Pg. 10: Kind of hilarious that one of the lines of dialogue that appears to have been rewritten here is the one that was used for this issue's solicitation--it was originally "We found Shakespeare's GHOSTWRITER, we can find one of our own GUYS"... also, Holmes was indeed partly inspired by Joseph Bell, and the rest of the line is very funny. So who was it who gave Ralph help pulling himself back together? Possibly the woman from the cover, who might be the reporter from a few weeks ago? Or is the woman on the cover supposed to be Terri Thirteen? And what's up with the spying waiters?

Pg. 11: As people in the CBR forums have pointed out, Booster's pallbearers include the Blimp from Inferior 5, the Yellow Peri, Mind-Grabber Dude (with his outfit from Seven Soldiers: Zatanna--wow, that comic's coming up a lot this week--and still a desperate horn-dog), Beefeater II from JLE, some Abe Lincoln lookalike (can anyone identify him?), and best of all, the Odd Man--a Steve Ditko creation so obscure that he first appeared in one of the rarest DC comics ever (in a story later rewritten for inclusion in this issue, a follow-up to the story two issues earlier in which Kathy Kane/Batwoman was murdered, and now my head hurts). Love the "Herolist" thing, too.

Pg. 14: So we do have the Shadowpact active here. J.G. Jones' cover blog over at Wizard says he originally intended to use them on the cover, then wasn't able to because of continuity problems... wow, one hand really doesn't seem to know what the other one's doing, huh? As the cover puts it, "When is the Shadowpact?!?" is a good question, since the first issue of their series implies that they've sat out an entire year, but also that the year starts after Superman's return.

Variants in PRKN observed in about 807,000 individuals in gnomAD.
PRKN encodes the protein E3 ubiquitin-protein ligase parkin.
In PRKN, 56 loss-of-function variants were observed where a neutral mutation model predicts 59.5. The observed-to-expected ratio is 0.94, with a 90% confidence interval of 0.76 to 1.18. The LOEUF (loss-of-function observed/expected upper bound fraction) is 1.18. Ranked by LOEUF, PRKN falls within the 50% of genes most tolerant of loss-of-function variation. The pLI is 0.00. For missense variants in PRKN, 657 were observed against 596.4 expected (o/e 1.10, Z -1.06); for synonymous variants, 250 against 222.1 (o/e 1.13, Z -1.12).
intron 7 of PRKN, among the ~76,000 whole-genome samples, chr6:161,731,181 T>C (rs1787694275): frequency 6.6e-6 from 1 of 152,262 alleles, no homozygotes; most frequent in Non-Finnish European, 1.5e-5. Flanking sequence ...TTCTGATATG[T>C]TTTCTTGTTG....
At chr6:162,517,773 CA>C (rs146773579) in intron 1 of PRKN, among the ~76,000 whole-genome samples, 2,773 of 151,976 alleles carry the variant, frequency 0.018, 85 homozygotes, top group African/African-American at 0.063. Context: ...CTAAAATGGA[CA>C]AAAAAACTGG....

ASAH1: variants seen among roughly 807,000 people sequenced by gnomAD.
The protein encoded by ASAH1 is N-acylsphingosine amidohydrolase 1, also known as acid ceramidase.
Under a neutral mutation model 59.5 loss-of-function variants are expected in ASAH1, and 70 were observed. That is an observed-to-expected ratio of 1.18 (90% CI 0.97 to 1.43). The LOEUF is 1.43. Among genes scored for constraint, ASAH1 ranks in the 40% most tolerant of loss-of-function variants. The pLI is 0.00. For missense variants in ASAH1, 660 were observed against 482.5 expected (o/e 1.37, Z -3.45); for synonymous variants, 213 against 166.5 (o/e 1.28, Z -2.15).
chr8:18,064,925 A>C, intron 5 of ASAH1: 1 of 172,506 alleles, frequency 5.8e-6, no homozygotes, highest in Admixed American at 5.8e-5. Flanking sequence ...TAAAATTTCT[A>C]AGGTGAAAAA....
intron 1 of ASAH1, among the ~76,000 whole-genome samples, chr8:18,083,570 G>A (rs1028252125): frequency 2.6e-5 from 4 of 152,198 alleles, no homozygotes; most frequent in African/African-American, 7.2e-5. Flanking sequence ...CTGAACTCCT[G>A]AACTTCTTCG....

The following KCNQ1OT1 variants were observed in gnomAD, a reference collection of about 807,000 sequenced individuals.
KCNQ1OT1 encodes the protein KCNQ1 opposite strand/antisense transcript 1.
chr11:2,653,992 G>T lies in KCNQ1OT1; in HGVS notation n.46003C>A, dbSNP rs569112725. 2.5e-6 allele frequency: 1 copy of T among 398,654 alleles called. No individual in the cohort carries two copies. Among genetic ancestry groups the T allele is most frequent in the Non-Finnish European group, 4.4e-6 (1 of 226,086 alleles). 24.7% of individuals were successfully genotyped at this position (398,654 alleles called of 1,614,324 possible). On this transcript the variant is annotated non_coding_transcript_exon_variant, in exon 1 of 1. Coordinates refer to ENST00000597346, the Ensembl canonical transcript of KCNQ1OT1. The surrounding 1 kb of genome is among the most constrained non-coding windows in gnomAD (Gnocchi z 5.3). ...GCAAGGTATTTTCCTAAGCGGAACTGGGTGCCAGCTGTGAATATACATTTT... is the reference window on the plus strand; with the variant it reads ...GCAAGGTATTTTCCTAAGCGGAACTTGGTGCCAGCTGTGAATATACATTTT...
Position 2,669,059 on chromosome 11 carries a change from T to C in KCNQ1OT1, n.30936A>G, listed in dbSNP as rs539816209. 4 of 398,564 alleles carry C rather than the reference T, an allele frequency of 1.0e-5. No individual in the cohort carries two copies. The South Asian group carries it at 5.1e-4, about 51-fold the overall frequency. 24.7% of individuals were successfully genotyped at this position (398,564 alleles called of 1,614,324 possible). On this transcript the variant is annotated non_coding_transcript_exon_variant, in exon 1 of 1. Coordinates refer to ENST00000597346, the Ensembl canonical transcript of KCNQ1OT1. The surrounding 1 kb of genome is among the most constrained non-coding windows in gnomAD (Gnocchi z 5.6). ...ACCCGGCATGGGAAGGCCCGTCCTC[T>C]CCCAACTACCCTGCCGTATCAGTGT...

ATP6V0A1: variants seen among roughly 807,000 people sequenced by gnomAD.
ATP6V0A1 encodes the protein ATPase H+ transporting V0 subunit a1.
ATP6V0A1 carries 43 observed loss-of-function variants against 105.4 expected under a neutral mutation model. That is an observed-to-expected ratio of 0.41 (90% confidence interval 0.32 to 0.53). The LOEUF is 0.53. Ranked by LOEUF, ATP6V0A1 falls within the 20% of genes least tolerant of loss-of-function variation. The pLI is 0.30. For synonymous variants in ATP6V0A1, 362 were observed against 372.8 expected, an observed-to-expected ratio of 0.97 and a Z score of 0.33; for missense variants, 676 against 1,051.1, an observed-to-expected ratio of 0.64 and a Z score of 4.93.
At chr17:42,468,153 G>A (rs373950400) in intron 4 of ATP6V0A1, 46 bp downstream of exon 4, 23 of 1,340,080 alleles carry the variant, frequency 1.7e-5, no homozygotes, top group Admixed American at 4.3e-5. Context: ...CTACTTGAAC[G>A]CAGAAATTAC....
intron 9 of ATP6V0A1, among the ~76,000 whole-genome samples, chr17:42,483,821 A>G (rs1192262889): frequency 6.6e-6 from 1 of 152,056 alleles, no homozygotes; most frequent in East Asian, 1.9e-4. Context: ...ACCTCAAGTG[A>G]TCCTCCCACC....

Pg. 15: Speaking of the Odd Man, the look of the Tenth Age looks rather Ditkovian, like a Photoshop upgrade of the Dark Dimension from Dr. Strange.

Pg. 16: Nice to see Atheist, Princess of Germworld put in an appearance, however briefly.

Pg. 19: The Emerald Eye, maybe?

The Origin of the Question: Again, it'd have been nice to have a little nod to Ditko here. Two little things Waid has dropped into the origin that I don't think were previously canon (correct me if I'm wrong): that Tot Rodor worked up pseudoderm from "the extract of the gingold plant"--this could be tied to Ralph's arc--and "from the notes of Gotham criminal Bart Magan," a.k.a. this guy.

22 Comments: